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A Robinson police officer heard a motorcycle “revving” before observing it making a “very wide” turn, nearly hitting a telephone pole. The officer followed, turned on his emergency lights, and activated his siren, but the motorcycle continued to weave across the road for about 12 blocks before turning into a driveway. The motorcycle was driven by Mark, whose wife, Petra, was a passenger on the back. Mark got off the motorcycle, exhibiting “a strong odor of alcohol,” slurred speech, and poor balance. A breath test revealed his blood alcohol concentration was 0.161, over twice the legal limit. Mark was charged with aggravated DUI and driving without a valid driver’s license. Since 1996, his license had been summarily suspended multiple times; it was revoked following his 2008 DUI conviction. That revocation was extended after he was convicted of driving with a revoked license. Police seized the 2010 Harley-Davidson. The state sought forfeiture (720 ILCS 5/36-1(a)(6)(A)(i)). Petra was shown to be the vehicle’s title owner, although Mark maintained it and had the key. The court entered an order of civil forfeiture, finding Petra’s testimony not credible, and that she consented to Mark driving, knowing he was intoxicated and did not have a valid license. The court rejected her claim that forfeiture constituted an as-applied violation of the Eighth Amendment's excessive fines clause. The Illinois Supreme Court agreed. Petra’s culpability in Mark’s aggravated DUI was far more than negligible and she did not establish the motorcycle’s value for purposes of showing disproportionality. View "Hartrich v. 2010 Harley-Davidson" on Justia Law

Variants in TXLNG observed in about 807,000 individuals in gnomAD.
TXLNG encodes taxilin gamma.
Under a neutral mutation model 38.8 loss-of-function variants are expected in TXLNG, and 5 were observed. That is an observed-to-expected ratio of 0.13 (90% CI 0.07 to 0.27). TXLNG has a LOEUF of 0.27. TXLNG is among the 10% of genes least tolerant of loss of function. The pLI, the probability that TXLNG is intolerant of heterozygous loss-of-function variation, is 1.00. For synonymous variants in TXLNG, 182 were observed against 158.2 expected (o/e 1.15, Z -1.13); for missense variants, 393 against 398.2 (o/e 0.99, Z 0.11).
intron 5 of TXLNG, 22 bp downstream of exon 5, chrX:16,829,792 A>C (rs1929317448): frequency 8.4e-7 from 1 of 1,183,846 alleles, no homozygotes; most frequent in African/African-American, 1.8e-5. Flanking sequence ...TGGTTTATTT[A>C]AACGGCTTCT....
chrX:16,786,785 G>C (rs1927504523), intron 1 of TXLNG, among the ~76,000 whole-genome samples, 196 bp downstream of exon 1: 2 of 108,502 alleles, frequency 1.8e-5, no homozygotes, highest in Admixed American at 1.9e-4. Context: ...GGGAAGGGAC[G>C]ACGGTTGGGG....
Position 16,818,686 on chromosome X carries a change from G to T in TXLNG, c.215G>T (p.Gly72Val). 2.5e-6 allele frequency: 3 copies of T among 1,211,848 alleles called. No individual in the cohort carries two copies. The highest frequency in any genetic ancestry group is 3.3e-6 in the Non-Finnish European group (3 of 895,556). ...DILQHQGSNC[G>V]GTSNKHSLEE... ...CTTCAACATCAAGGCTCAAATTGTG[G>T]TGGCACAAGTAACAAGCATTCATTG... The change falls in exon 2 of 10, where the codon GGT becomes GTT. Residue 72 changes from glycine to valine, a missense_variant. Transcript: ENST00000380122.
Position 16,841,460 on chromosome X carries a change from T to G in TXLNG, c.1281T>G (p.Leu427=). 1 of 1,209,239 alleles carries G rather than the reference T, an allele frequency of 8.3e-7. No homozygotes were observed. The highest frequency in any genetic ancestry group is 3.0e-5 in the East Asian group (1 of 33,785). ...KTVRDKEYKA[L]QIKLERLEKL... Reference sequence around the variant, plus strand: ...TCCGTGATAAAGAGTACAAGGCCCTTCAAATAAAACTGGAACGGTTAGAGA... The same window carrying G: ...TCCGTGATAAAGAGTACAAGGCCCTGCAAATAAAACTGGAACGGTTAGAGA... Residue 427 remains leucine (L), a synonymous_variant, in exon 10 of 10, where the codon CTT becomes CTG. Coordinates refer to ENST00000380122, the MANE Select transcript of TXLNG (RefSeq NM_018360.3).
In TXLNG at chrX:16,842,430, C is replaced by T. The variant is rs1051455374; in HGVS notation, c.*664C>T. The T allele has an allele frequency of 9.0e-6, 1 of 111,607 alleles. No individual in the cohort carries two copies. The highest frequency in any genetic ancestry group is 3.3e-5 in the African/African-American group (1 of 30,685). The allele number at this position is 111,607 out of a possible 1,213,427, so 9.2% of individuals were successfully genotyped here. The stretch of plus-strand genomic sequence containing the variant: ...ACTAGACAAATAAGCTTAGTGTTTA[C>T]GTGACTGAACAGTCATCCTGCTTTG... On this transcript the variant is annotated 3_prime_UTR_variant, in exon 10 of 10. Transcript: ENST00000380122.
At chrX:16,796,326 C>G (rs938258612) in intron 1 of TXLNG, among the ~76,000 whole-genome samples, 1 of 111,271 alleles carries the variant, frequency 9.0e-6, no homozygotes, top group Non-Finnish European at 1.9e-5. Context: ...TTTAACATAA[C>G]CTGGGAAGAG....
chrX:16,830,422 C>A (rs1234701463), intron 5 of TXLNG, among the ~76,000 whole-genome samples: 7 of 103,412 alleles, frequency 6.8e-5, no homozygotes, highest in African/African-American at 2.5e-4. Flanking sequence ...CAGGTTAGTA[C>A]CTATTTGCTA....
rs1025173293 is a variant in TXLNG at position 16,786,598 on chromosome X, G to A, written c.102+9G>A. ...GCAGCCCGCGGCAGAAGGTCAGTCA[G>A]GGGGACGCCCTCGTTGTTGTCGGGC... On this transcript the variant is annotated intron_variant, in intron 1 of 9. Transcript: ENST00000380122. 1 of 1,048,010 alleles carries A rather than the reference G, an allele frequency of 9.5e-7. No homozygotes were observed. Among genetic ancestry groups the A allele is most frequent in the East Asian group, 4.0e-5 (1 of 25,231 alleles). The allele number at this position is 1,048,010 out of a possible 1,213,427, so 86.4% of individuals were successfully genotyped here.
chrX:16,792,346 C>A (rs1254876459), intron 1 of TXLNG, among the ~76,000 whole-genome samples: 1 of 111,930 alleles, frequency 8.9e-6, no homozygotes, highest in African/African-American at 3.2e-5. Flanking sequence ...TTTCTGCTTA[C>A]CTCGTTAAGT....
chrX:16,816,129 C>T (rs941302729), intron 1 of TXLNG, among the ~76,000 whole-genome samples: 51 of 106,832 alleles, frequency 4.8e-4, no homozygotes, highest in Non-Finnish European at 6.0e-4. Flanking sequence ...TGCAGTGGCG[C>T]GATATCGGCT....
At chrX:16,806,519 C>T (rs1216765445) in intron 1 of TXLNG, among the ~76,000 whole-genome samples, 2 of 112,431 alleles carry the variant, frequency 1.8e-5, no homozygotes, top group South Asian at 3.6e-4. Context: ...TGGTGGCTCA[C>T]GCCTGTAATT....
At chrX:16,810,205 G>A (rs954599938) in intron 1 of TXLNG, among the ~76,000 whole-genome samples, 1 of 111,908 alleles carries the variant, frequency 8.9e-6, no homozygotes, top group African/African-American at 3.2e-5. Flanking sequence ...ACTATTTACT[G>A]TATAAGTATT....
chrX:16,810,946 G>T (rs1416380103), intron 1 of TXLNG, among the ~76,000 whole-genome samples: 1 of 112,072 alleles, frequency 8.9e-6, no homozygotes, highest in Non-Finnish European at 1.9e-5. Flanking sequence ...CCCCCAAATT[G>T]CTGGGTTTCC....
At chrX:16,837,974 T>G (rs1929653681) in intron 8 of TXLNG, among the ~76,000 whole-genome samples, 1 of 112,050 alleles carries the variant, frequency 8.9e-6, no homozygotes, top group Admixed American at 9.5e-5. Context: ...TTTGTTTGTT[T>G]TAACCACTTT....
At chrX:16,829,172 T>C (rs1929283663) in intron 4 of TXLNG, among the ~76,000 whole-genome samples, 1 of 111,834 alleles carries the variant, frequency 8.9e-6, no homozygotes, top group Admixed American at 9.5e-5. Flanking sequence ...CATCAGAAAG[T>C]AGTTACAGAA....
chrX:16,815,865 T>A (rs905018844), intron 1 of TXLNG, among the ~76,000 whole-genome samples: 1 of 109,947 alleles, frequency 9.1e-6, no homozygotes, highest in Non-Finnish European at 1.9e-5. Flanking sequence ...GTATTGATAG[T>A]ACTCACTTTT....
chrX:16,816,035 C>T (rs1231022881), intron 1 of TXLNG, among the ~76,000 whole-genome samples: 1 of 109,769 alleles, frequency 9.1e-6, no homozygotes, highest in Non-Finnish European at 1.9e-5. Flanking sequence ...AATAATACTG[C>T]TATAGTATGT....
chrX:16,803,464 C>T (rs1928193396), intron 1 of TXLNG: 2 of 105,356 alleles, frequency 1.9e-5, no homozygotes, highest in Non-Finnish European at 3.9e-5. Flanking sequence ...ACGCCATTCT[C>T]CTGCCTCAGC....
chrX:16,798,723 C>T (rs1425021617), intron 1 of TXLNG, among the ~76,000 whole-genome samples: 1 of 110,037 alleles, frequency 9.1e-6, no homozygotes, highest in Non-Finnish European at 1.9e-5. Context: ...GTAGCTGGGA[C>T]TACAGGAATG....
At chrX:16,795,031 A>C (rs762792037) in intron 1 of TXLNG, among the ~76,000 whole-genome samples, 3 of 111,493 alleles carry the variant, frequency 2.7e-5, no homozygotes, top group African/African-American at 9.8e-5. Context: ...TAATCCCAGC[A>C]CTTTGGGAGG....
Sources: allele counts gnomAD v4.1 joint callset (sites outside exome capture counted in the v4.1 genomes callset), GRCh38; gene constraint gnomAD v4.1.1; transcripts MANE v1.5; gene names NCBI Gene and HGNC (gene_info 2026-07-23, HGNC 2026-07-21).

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Chairez pled guilty to possessing a firearm within 1000 feet of a park in Aurora, Illinois. He filed a post-conviction petition, arguing that the statute was unconstitutional under the Second Amendment because an individual who is barred from carrying a firearm within 1000 feet of the locations listed in the statute (schools, public parks, public transportation facilities, residential properties owned, operated or managed by a public housing agency) is essentially barred from carrying a firearm in public. The circuit court declared section 24-1(a)(4)(c)(1.5) unconstitutional. The Illinois Supreme Court affirmed, vacating Chairez’s conviction, without addressing other provisions of the statute. With respect to the provision concerning public parks, which is severable, the state provided no evidentiary support for its claims that prohibiting firearms within 1000 feet of a public park would reduce the risks posed to the police and public from dangerous weapons. The state merely speculates that the proximity of firearms threatens the health and safety of those in the public park. The lack of a valid explanation for how the law actually achieves its goal of protecting children and vulnerable populations from gun violence amounts to a failure by the state to justify the restriction on gun possession within 1000 feet of a public park. View "People v. Chairez" on Justia Law